Chennai architecture

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Architecture after the floods of 2015

The Times of India Feb 03 2016

(i) Minimum elevation of 3 feet, (ii)workers place concrete bricks to raise the height of the house, (iii)steps to get a house off the ground

Karthikeyan Hemalatha

Structures Lifted Up To 6ft; Firms Offering The Service Say They Are Fully Booked Till July

During the floods, Chennaiites rose to the occa sion to help one another. After the floods, Chennaiites are now raising their houses in an attempt to be safe from another possible disaster. To stay safe in the event of another flood, residents, especially from the southern suburbs like Velachery, Madipakkam and Kottivakkam, are employing private contractors to lift their houses by several feet.

From the street, the construction looks normal -complete with concrete, wooden planks, and slush all over the place. A closer look reveals the ingenuity of it. Rows of `jacks' -like the ones used to lift lorries and change their punctured tyres -seem to be holding the house up. The labourers have literally lifted the house. They lay rows of concrete bricks to fill up the gaps and increase the height of the house permanently.

In Chennai, several contractors offer these services.“Post floods, we have been inundated with enquiries. We “Post floods, we have been inundated with enquiries. We are currently working on seven projects and are fully booked till July,“ said Rishikanth from Mamchand & Sons, based in Haryana. They charge 250 per square foot. The minimum height to be lifted is three feet. For every foot above that, it would cost 75 per square foot.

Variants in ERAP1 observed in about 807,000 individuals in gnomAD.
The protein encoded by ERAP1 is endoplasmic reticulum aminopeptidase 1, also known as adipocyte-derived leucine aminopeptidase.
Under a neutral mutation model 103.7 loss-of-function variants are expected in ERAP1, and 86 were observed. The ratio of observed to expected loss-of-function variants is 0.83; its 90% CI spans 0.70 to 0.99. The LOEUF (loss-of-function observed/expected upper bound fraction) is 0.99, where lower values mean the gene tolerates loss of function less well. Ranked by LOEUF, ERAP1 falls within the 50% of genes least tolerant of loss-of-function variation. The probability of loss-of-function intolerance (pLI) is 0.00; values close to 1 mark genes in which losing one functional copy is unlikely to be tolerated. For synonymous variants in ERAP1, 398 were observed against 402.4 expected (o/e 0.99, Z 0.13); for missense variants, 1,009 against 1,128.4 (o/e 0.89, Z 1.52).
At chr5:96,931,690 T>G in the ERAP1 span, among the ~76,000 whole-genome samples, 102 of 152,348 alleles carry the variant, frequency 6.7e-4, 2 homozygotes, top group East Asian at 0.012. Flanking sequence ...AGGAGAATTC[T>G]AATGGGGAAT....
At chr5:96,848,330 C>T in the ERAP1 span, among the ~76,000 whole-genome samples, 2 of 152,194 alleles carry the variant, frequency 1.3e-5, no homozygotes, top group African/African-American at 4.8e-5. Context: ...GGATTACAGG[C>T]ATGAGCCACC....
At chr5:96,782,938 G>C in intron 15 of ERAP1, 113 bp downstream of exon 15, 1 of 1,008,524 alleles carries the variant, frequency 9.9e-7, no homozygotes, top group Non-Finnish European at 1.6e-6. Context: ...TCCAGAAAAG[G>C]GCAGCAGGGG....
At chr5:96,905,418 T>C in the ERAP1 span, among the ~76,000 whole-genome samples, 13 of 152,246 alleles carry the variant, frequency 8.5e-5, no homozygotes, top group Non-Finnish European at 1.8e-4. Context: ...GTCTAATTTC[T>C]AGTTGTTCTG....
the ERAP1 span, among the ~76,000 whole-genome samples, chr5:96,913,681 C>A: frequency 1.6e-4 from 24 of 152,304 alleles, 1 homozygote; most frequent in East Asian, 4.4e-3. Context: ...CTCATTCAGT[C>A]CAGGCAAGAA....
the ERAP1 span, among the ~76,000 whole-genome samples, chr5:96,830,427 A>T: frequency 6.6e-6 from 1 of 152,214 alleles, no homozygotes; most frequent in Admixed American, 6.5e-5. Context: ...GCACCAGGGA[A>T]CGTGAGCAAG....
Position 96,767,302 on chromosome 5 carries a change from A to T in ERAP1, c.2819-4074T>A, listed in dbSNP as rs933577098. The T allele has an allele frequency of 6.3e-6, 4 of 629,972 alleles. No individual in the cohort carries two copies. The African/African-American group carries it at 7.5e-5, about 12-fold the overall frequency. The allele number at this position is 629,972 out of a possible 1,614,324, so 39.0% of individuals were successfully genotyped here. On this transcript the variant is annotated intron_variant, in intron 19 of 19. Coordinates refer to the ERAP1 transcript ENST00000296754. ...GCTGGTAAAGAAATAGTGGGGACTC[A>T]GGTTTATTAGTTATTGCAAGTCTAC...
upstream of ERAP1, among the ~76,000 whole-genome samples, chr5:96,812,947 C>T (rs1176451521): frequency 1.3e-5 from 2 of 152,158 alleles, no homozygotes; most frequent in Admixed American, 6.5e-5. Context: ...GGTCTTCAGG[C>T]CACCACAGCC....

Some structural engineers think this is not safe. “The column from the foundation is cut. And the building ceases to be a monolithic structure. But that is what gives strength to buildings,“ said N Kanagavel, a structural engineer. Mamchand & Sons managing director Harkesh Kumar says there is no risk of structural weakness. “Utmost care goes into planning. Our patent is under pro planning. Our patent is under process and we are recognised by the Central government,“ he said.

Pinning no hopes on the corporation, which is supposed to ensure that there is no water stagnation on the roads, these residents are going the extra mile, or foot, to ensure water does not enter their houses. “During the floods, I lost TV, bed, bureau, the sarees in it, and all wooden furniture. Even the tenant on the ground floor vacated. I have no choice but to do this,“ said K Riyaz, a resident of Pammal. “At first, I was not sure if this would keep the building safe. I went around and checked. Besides, I have no other choice,“ he added.

The corporation re-lays the road every year and the height keeps increasing. “Eventually, the road is on a higher plane than the ground, which allows water to enter our compound,“ said N Mukund, a resident of Velachery.

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